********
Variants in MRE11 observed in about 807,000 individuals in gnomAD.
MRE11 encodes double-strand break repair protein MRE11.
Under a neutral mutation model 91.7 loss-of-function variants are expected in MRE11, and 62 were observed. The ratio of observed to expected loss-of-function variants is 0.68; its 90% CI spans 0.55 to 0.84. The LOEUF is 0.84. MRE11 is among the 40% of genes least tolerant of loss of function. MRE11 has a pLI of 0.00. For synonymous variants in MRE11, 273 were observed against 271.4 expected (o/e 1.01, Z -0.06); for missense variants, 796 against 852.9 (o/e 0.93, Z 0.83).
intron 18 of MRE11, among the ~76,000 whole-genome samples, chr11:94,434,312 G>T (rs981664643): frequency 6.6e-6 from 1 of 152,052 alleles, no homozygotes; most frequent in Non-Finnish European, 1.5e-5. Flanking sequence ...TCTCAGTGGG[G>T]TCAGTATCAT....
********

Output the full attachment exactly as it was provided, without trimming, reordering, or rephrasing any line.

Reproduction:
Variants in MRE11 observed in about 807,000 individuals in gnomAD.
MRE11 encodes double-strand break repair protein MRE11.
Under a neutral mutation model 91.7 loss-of-function variants are expected in MRE11, and 62 were observed. The ratio of observed to expected loss-of-function variants is 0.68; its 90% CI spans 0.55 to 0.84. The LOEUF is 0.84. MRE11 is among the 40% of genes least tolerant of loss of function. MRE11 has a pLI of 0.00. For synonymous variants in MRE11, 273 were observed against 271.4 expected (o/e 1.01, Z -0.06); for missense variants, 796 against 852.9 (o/e 0.93, Z 0.83).
intron 18 of MRE11, among the ~76,000 whole-genome samples, chr11:94,434,312 G>T (rs981664643): frequency 6.6e-6 from 1 of 152,052 alleles, no homozygotes; most frequent in Non-Finnish European, 1.5e-5. Flanking sequence ...TCTCAGTGGG[G>T]TCAGTATCAT....